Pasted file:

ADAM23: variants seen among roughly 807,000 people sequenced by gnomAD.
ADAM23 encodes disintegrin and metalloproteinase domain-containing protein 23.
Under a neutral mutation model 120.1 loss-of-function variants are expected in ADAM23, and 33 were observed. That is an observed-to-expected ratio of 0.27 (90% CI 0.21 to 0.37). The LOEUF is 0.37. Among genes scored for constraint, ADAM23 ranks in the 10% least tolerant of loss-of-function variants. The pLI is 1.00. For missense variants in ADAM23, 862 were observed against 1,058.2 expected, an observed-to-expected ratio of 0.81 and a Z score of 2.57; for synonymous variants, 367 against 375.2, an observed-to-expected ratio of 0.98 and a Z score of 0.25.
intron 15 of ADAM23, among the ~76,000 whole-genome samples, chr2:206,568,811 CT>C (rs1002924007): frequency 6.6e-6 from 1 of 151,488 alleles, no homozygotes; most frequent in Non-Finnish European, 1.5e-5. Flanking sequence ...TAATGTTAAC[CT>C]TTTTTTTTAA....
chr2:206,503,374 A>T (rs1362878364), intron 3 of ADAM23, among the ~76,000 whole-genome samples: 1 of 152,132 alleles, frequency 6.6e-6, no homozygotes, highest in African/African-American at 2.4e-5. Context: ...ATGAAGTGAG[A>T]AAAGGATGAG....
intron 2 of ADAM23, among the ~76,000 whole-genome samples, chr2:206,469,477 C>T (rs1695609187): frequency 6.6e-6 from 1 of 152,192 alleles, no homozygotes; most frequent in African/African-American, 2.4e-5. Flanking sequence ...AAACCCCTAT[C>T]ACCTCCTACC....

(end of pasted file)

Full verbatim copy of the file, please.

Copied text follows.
ADAM23: variants seen among roughly 807,000 people sequenced by gnomAD.
ADAM23 encodes disintegrin and metalloproteinase domain-containing protein 23.
Under a neutral mutation model 120.1 loss-of-function variants are expected in ADAM23, and 33 were observed. That is an observed-to-expected ratio of 0.27 (90% CI 0.21 to 0.37). The LOEUF is 0.37. Among genes scored for constraint, ADAM23 ranks in the 10% least tolerant of loss-of-function variants. The pLI is 1.00. For missense variants in ADAM23, 862 were observed against 1,058.2 expected, an observed-to-expected ratio of 0.81 and a Z score of 2.57; for synonymous variants, 367 against 375.2, an observed-to-expected ratio of 0.98 and a Z score of 0.25.
intron 15 of ADAM23, among the ~76,000 whole-genome samples, chr2:206,568,811 CT>C (rs1002924007): frequency 6.6e-6 from 1 of 151,488 alleles, no homozygotes; most frequent in Non-Finnish European, 1.5e-5. Flanking sequence ...TAATGTTAAC[CT>C]TTTTTTTTAA....
chr2:206,503,374 A>T (rs1362878364), intron 3 of ADAM23, among the ~76,000 whole-genome samples: 1 of 152,132 alleles, frequency 6.6e-6, no homozygotes, highest in African/African-American at 2.4e-5. Context: ...ATGAAGTGAG[A>T]AAAGGATGAG....
intron 2 of ADAM23, among the ~76,000 whole-genome samples, chr2:206,469,477 C>T (rs1695609187): frequency 6.6e-6 from 1 of 152,192 alleles, no homozygotes; most frequent in African/African-American, 2.4e-5. Flanking sequence ...AAACCCCTAT[C>T]ACCTCCTACC....